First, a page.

I think many of them were Vietnam veterans. It was obvious whose side the police were on, because they did not interfere with these thugs in any way.
Somehow Wes and Bill and I were separated.
The action then moved around the corner to Whitehall Street, where the Army Induction Center was located. I made my way there. The crowd was so thick that I climbed to the top of a long stair leading into a brownstone building and kept snapping photos. Immediately beneath me on the steps was a group of students shouting at the police. A police step van pulled up and out of it came about 10 cops who proceeded to beat these people and punch them. They were headed to the top of the stairs. I was ready to leap into the crowd below in order to avoid a baton on my skull, when they stopped and began dragging the injured off to the van. One cop had been injured as well (probably by another baton-swinging cop.) His head was bleeding. They put him on a stretcher and took him away in an ambulance.
I still have a color photo of a young woman whose stockings were torn and blood on her face, standing forlorn and immobile looking at the pile of injured people. The next day the New York Times presented a front page four-column wide picture of the attack. I examined it with a magnifying glass, and there I was at the top of the stairs, camera to my face, snapping photos. I had finally made it to the front page of the NY Times.
I don't remember what happened next. Did I go uptown to Port Authority and take a bus back to Hackensack? Did I stay with the crowd? The scene had been so filled with new impressions and the excitement, fear and dread of a police beating jammed my head with new images and ideas. All I remember thinking is that I wanted more of this. I was elated by the demonstration. I had never seen so many people challenge the Government of the United States about anything. I hadn't even considered it possible that so many could be against the war.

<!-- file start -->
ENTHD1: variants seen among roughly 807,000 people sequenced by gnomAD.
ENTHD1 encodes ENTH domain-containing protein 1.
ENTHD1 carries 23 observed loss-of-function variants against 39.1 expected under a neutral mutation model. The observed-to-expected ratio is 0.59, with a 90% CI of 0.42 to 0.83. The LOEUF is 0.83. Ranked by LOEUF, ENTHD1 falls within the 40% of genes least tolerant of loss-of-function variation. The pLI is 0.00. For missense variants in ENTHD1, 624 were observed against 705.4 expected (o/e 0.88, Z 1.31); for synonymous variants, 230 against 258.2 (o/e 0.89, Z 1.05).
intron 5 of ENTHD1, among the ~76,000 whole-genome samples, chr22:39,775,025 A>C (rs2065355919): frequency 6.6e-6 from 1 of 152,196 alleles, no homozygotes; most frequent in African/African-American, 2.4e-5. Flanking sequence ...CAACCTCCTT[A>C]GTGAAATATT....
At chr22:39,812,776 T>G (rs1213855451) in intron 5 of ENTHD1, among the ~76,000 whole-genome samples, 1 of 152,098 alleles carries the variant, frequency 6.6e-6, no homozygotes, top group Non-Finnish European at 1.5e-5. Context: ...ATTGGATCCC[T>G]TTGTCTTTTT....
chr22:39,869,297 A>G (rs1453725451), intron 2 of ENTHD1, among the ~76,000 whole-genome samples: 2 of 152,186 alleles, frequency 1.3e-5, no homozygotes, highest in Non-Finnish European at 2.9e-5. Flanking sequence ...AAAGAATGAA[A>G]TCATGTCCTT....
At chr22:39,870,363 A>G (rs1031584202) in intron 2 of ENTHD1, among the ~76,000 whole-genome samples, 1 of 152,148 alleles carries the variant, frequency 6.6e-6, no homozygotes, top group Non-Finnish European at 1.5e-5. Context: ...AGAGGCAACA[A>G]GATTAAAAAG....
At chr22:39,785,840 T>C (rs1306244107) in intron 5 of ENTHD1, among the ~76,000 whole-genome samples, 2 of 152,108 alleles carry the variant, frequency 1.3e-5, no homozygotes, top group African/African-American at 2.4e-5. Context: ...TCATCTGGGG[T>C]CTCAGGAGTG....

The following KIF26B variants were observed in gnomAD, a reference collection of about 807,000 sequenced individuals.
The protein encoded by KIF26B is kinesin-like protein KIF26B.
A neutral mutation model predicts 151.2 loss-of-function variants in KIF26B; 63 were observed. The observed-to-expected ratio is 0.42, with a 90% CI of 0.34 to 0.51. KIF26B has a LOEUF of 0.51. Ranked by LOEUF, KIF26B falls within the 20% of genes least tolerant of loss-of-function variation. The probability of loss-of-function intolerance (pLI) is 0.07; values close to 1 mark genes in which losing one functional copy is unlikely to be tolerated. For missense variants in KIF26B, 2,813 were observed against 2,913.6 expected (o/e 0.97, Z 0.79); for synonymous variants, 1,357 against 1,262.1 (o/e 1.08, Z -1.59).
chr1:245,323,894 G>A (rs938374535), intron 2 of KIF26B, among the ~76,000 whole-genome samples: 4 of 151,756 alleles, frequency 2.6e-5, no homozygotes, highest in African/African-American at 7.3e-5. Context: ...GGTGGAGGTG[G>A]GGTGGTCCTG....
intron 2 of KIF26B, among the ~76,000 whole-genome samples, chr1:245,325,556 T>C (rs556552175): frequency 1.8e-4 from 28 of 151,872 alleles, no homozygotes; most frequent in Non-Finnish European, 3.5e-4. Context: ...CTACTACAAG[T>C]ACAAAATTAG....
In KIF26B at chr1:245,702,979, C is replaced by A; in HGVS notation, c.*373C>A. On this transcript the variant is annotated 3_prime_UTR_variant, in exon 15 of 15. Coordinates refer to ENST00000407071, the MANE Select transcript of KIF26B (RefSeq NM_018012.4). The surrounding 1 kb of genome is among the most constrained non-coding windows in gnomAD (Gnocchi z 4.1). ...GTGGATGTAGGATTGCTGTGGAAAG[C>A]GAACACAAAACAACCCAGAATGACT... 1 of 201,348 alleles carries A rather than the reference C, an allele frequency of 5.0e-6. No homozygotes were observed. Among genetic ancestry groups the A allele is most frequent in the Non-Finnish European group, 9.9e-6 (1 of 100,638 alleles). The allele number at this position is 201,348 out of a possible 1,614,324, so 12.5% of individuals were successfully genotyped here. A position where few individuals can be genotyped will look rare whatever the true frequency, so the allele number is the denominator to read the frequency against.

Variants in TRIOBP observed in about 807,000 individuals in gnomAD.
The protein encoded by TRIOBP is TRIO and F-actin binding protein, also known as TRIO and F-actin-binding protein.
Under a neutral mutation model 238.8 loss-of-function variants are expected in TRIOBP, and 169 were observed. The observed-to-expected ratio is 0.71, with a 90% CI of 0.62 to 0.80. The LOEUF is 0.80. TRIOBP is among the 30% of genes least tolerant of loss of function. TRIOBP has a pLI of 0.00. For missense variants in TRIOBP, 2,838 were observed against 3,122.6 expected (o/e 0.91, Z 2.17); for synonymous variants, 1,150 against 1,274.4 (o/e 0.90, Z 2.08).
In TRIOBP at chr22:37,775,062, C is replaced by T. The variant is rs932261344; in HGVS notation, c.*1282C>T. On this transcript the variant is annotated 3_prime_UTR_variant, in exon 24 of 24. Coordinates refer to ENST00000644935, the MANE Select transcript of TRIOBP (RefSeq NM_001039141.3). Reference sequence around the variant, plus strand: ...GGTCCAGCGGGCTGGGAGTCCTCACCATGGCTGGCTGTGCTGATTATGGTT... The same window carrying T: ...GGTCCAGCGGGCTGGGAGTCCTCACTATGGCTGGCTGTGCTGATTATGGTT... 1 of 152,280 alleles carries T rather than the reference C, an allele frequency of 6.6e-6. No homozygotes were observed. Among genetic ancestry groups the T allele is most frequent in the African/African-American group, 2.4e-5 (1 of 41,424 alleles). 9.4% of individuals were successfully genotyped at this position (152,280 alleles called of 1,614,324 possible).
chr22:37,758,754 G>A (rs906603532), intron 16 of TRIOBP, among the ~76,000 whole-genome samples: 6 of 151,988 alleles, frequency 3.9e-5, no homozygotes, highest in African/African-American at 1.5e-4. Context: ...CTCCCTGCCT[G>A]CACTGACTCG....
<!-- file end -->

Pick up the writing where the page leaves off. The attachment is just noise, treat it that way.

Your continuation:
The next day was my day off. Another demonstration was scheduled. I drove into the city and joined it. Still, I was a reporter, nothing more. At one point I ran into Bill Schechner, another reporter at The Record, who later became the first anchor for ABC's Nightline. We walked uptown with uncountable numbers of people. Bill kept his eyes on Homer Bigart, the Pulitizer Prize-winning reporter for the Times. I kept looking behind trying to see the end of the demonstration. There was no end in sight. By theI time we reached Times Square, I realized that I was no longer a reporter, but a participant. My loyalties had changed. One thing that a demonstrator had shouted to the crowd that stuck in my mind was, "Right over there is the Army Intelligence office! THAT is a contradiction in terms!"
A sign in the park (which I have a picture of) read: "There are police provocateurs in this crowd inciting us to riot."
Nothing that had happened in my life ever affected me as much as the Whitehall Antidraft Demonstrations. It changed my thinking and actions forever. After my first demonstration, I made a silent vow to myself: "I will never quit." And I never have. It's probably the only vow I have ever been faithful to, for better or for worse. Mostly worse. I have always had a sense of duty. It is probably my strongest instinct. But, a duty to what?